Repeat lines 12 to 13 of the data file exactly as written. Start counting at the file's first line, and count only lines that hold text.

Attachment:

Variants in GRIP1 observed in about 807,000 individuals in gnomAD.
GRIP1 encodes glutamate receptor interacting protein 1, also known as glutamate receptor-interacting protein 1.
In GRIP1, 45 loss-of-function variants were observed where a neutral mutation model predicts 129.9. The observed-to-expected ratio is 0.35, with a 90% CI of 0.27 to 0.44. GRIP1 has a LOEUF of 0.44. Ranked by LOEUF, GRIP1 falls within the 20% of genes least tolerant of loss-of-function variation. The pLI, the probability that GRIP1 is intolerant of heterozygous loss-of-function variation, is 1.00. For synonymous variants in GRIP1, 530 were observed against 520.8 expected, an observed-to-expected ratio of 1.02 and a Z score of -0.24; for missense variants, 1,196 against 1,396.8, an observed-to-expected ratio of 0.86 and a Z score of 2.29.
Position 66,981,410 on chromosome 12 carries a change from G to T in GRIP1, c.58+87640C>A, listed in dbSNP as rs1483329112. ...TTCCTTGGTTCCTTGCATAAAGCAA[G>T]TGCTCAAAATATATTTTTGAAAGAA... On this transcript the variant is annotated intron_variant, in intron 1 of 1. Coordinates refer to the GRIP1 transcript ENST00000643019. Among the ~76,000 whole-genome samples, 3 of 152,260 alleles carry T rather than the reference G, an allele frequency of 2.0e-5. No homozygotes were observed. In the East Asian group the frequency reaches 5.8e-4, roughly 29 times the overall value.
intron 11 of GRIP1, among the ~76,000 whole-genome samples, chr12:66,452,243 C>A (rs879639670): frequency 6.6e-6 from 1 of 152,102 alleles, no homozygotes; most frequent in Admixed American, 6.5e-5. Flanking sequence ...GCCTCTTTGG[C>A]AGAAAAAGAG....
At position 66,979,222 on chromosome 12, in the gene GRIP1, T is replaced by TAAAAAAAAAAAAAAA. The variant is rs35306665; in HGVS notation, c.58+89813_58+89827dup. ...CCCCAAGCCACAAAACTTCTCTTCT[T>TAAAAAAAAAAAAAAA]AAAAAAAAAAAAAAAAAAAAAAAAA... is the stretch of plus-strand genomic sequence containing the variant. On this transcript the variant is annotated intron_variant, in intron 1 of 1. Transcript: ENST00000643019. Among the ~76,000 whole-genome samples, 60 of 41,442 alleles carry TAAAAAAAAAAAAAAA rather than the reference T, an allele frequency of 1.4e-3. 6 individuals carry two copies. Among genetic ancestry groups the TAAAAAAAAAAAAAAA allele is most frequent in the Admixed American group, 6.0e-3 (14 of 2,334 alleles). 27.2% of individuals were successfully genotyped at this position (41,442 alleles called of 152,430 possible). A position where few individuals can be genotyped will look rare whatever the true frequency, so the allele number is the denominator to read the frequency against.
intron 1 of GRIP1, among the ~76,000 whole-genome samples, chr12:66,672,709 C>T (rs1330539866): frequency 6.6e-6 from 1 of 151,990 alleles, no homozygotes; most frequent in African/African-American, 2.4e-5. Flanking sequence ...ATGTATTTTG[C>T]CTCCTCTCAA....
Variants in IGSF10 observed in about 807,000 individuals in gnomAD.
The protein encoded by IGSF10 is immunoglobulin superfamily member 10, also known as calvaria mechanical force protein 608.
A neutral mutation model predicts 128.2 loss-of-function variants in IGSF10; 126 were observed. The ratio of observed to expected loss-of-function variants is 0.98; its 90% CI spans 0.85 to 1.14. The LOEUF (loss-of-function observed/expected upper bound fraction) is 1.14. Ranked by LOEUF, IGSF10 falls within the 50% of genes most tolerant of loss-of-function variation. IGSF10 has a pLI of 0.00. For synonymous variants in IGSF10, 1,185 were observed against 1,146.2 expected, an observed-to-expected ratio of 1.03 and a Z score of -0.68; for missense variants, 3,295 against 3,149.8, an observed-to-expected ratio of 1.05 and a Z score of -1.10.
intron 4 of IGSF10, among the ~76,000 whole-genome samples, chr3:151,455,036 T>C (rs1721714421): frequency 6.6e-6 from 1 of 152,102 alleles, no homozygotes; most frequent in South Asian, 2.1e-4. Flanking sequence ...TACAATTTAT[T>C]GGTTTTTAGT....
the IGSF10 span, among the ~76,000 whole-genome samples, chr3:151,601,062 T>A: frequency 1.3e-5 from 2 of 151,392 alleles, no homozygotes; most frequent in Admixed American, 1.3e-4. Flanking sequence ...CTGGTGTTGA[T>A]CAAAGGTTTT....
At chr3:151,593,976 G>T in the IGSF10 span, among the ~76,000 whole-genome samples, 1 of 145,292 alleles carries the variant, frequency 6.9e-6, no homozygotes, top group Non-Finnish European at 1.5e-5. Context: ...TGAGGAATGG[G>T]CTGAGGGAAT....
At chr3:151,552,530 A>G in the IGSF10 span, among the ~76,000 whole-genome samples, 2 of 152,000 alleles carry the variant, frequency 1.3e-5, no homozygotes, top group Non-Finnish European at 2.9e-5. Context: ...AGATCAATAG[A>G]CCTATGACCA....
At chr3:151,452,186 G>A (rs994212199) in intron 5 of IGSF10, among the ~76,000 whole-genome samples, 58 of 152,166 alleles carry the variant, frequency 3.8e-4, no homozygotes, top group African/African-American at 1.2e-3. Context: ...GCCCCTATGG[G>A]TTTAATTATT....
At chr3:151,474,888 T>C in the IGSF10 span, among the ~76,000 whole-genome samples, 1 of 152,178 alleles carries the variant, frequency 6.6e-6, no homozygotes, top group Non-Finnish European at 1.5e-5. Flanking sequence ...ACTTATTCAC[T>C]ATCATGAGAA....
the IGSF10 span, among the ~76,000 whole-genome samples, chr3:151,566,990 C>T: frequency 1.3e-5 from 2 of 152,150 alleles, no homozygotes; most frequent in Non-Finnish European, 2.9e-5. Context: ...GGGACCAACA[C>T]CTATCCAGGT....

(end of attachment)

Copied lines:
the IGSF10 span, among the ~76,000 whole-genome samples, chr3:151,601,062 T>A: frequency 1.3e-5 from 2 of 151,392 alleles, no homozygotes; most frequent in Admixed American, 1.3e-4. Flanking sequence ...CTGGTGTTGA[T>A]CAAAGGTTTT....
At chr3:151,593,976 G>T in the IGSF10 span, among the ~76,000 whole-genome samples, 1 of 145,292 alleles carries the variant, frequency 6.9e-6, no homozygotes, top group Non-Finnish European at 1.5e-5. Context: ...TGAGGAATGG[G>T]CTGAGGGAAT....